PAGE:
* Preserve natural capital
* Small farms, more organic, leading to increased preservation of agricultural lands

ENV #1: Green Network

A network of natural and manmade ecologically functional landscapes are identified, protected and enhanced through management practices that to support quality of life through ecosystem good and services

Land-use Framework 2008:

Healthy ecosystems and environment:

The following guiding principles provide additional clarification:

* The intrinsic value of nature is respected.
* The life-supporting capacity of air, water, land and biodiversity are maintained or enhanced, and the natural resources that form part of the environment are sustained.
* Soil and soil fertility are maintained and/or enhanced.
* Greenhouse gas emissions and air pollution are reduced, waste is minimized, and the biodiversity and abundance of native species and their natural habitats are maintained.

Increased biodiversity

* Wildlife is sustainable—and capable of bouncing back from disasters or development
* Wildlife preservation

ENV #2: Biodiversity

Biodiversity is valued, protected, promoted and enhanced throughout the region.

Land Use Framework 2008:

Healthy ecosystems and environment:

As above

Wetlands – quality and quantity

* Water in sufficient quality and quality for ecosystem

Water

* More water
* Increased water quality
* Clean water
* clean and treatable
* minimize effluent put into water
* water available for users
* water greatest good for the greatest number
* Technology can improve/clean up the environment

ENV #3: Clean Water ( Quality and Quantity)

Water management in East Central Alberta is based on water conservation principles to maximize water available for both communities and the environment

Surface water quality and quantity is maintained and improved through appropriate land use, Best Management Practices and incentives for conservation, and the conservation / restoration of riparian, wetland and other aquatic ecosystems.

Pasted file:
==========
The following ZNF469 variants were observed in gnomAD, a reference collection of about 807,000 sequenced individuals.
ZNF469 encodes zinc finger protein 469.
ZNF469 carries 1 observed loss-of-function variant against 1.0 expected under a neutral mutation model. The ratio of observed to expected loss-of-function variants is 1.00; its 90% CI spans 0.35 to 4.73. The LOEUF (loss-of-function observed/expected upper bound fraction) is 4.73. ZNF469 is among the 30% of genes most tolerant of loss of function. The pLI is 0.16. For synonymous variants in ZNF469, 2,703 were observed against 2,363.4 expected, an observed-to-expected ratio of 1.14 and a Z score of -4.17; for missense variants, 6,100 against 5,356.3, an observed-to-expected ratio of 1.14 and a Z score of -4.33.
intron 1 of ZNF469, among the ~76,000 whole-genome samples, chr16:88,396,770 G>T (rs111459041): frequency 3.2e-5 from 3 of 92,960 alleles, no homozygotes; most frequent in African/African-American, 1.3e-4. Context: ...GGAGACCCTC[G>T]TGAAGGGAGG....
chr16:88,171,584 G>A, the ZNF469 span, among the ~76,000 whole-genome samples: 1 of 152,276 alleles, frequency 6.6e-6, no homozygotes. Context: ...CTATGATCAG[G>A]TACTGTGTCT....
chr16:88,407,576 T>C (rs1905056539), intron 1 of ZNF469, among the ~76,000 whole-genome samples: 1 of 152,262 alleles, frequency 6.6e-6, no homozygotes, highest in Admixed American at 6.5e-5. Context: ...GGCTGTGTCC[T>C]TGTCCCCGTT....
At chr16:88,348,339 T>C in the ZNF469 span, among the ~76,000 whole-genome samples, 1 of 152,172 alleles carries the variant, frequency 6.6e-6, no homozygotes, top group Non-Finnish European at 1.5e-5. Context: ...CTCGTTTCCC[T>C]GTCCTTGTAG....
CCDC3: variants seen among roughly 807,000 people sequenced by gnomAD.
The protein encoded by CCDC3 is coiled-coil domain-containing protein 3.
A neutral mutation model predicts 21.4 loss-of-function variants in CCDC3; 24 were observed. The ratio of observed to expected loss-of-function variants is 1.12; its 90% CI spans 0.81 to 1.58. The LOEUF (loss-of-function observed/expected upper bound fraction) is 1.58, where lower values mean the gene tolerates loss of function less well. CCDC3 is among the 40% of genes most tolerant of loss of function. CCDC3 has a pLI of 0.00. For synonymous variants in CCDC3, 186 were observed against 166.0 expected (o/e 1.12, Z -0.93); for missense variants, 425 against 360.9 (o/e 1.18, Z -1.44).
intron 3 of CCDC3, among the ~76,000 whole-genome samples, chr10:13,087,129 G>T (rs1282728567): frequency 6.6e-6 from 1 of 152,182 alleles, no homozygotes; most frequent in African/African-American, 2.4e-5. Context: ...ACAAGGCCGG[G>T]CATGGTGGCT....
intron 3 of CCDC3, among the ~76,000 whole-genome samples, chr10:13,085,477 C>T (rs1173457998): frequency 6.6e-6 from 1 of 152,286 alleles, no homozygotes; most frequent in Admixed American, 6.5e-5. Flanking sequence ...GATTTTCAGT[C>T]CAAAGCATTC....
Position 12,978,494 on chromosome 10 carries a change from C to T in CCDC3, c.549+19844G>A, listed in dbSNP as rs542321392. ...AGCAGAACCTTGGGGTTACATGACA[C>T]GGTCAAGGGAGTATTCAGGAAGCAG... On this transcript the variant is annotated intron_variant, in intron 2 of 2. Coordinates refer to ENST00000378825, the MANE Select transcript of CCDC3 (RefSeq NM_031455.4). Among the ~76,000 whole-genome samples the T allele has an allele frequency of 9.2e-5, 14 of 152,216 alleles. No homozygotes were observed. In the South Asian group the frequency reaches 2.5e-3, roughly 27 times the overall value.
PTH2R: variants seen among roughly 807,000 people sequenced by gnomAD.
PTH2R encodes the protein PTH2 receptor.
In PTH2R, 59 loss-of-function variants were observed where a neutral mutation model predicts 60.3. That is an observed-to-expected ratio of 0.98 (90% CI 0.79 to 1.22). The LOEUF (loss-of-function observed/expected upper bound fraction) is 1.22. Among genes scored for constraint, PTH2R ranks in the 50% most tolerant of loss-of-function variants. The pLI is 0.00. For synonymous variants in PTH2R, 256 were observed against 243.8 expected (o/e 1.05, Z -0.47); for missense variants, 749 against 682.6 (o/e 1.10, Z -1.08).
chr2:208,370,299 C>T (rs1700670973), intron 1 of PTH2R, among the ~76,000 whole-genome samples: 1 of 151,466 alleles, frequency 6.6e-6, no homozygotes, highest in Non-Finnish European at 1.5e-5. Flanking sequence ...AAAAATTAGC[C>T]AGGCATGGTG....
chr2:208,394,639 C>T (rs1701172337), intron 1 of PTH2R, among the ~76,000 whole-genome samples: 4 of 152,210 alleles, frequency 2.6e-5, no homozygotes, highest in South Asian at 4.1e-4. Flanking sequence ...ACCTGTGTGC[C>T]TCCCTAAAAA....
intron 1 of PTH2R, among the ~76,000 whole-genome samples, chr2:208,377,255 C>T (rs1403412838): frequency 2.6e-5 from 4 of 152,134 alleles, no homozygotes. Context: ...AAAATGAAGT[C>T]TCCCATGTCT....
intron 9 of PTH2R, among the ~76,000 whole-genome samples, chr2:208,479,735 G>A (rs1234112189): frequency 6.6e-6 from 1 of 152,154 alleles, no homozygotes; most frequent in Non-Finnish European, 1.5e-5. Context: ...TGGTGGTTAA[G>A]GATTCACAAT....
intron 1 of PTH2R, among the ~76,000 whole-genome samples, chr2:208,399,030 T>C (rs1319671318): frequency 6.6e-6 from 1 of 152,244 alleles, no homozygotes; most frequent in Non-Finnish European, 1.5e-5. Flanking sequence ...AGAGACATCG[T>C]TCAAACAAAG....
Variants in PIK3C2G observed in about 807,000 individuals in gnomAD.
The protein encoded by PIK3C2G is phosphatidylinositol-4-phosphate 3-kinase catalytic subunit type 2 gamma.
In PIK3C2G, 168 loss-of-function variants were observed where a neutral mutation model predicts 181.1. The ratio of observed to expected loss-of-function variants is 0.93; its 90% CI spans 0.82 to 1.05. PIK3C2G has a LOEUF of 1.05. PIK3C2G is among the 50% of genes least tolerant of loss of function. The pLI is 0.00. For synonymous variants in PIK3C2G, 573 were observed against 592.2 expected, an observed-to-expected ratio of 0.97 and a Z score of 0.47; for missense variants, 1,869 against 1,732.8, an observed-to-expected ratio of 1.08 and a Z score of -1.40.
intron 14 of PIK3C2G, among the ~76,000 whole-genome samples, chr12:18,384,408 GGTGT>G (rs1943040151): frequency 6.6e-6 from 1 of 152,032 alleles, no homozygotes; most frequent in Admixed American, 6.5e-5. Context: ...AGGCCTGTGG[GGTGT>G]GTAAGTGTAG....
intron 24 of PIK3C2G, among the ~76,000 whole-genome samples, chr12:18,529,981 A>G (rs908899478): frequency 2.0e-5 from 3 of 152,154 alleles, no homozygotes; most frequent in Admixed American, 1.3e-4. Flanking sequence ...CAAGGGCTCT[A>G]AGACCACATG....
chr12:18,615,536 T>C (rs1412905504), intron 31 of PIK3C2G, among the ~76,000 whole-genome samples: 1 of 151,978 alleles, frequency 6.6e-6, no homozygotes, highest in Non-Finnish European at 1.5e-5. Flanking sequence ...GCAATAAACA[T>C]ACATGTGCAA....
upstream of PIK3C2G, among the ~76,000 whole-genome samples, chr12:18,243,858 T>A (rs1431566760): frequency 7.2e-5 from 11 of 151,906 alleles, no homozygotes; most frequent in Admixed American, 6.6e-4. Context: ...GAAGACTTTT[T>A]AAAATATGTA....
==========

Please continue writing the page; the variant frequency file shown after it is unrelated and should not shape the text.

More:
Groundwater aquifers are protected through proper construction, maintenance and abandonment/ reclamation of wells, appropriate use of recharge zones, maintenance of sub-surface flows and sustainable allocation to ensure the long term quality and supply of ground water resources

Water for Life: Alberta’s Strategy for Sustainability

Water is managed and allocated to sustain aquatic ecosystems and ensure their contribution to Alberta’s natural capital and quality of life are maintained.

Water is managed and allocated to support sustainable economic development and the strategic priorities of the province.

Land-use Framework 2008:

Healthy ecosystems and environment: As above

Air

* Quality of air not to impair our health and the ecosystems
* Clean air
* Blue sky – no smog
* Technology can improve/clean up the environment
* Dark skies at night – protect stars by making light only go down

ENV #4: Air

The air has no adverse odour, taste, or visual impact and no measurable short or long term adverse effects on people, animals or the environment, and greenhouse gases are minimized and mitigated.

Clean Air Strategic Alliance Vision

The air will have no adverse odour, taste or visual impact and have no measurable short? or long?term adverse effects on people, animals or the environment.

Land-use Framework 2008:

Healthy ecosystems and environment:

As above

Efficient/sustainable use of resources

* Sustainable agriculture
* Awareness that environment is important
* Society more environmentally conscious/aware

 

5. Governance and Accountability

Governance and Accountability: Summary of Assumptions Underlying the Desired Future